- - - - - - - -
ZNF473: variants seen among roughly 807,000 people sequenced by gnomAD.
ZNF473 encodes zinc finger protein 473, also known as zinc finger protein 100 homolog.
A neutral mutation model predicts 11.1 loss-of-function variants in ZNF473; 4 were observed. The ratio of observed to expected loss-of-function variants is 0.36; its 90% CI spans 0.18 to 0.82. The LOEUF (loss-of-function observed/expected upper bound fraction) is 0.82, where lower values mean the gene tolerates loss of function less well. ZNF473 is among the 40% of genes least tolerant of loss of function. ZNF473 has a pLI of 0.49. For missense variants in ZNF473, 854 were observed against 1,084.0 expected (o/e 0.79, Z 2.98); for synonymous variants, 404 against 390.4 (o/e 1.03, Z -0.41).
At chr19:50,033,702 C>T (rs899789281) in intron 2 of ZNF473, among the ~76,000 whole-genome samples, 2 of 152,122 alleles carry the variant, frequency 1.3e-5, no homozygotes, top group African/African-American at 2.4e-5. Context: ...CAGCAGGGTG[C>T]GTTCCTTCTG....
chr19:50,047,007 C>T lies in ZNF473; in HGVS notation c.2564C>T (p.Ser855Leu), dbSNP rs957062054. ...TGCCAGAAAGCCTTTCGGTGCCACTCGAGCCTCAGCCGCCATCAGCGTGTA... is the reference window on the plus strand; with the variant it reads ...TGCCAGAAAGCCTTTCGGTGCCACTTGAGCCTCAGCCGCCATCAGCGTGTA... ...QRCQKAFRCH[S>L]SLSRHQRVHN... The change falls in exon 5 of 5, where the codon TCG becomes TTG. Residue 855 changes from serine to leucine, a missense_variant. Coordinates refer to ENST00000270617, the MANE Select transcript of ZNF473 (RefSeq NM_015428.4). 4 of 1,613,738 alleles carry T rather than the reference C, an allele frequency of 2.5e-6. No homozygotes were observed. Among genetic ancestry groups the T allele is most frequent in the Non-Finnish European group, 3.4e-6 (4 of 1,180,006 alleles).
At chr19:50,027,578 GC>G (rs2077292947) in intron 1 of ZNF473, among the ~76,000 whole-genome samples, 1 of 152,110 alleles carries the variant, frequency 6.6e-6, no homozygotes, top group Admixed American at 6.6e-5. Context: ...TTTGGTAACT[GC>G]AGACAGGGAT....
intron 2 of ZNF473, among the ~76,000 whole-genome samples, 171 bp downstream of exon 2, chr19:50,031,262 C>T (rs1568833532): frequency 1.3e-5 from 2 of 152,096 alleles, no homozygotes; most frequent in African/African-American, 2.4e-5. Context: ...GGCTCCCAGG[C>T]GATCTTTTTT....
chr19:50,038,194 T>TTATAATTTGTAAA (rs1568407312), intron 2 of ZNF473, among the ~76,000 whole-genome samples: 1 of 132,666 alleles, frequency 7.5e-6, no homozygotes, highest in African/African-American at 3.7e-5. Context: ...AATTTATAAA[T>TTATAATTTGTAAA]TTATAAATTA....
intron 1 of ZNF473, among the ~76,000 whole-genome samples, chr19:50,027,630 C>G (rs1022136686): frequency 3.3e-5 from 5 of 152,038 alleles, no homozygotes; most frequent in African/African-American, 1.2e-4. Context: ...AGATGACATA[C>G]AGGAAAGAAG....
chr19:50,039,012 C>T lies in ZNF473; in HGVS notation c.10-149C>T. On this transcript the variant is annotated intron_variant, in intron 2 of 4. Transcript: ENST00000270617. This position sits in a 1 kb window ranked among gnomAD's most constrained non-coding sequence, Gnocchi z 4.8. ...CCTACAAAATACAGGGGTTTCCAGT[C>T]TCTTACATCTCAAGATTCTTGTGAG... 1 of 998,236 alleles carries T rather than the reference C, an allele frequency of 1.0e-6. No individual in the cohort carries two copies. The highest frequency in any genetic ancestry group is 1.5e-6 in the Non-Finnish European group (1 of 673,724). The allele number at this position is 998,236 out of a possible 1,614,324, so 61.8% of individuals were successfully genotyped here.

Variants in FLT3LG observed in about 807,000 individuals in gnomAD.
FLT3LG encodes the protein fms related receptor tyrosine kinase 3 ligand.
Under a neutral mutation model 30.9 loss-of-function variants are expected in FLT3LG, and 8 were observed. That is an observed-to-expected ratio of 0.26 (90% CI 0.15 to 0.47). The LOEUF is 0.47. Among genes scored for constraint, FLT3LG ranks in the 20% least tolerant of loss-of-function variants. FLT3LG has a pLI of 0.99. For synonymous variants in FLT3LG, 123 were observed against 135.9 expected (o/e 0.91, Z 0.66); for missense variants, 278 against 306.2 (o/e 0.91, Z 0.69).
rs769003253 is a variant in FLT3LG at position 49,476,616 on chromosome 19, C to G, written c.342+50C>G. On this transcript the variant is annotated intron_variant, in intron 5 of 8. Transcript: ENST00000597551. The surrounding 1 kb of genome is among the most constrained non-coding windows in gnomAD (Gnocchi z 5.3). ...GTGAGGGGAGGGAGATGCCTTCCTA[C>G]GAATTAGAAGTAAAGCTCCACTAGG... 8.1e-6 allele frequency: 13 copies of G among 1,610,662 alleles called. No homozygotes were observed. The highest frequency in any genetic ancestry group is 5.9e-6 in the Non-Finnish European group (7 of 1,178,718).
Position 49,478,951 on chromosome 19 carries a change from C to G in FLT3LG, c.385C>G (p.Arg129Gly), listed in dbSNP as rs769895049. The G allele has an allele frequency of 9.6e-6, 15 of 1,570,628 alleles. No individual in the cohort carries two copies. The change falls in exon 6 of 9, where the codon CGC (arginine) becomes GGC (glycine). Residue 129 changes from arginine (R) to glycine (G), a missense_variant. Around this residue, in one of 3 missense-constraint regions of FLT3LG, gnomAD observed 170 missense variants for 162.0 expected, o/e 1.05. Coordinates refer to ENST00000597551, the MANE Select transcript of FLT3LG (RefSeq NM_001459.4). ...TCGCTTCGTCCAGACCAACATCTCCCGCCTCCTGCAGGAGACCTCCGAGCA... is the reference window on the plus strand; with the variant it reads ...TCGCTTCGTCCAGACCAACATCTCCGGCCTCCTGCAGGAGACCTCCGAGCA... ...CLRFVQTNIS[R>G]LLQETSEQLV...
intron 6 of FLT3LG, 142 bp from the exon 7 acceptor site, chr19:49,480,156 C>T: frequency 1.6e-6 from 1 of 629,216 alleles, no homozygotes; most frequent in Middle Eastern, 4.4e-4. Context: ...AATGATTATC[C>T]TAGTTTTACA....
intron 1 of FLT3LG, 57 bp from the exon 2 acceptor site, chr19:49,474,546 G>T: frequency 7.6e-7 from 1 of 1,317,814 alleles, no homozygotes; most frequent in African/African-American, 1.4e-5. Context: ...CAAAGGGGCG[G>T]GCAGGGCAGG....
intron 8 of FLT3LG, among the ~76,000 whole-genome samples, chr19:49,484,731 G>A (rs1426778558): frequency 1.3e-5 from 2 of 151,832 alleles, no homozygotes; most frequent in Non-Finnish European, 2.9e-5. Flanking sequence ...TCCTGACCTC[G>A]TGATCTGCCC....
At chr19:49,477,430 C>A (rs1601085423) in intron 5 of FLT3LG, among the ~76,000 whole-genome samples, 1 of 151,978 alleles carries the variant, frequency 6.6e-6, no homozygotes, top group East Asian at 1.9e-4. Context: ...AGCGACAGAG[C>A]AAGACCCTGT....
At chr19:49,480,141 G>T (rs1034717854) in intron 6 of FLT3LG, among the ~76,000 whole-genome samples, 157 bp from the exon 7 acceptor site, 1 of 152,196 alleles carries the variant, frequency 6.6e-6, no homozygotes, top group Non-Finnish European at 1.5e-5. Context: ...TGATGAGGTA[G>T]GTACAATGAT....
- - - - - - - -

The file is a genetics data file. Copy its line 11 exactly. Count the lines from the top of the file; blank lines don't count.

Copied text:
Variants in FLT3LG observed in about 807,000 individuals in gnomAD.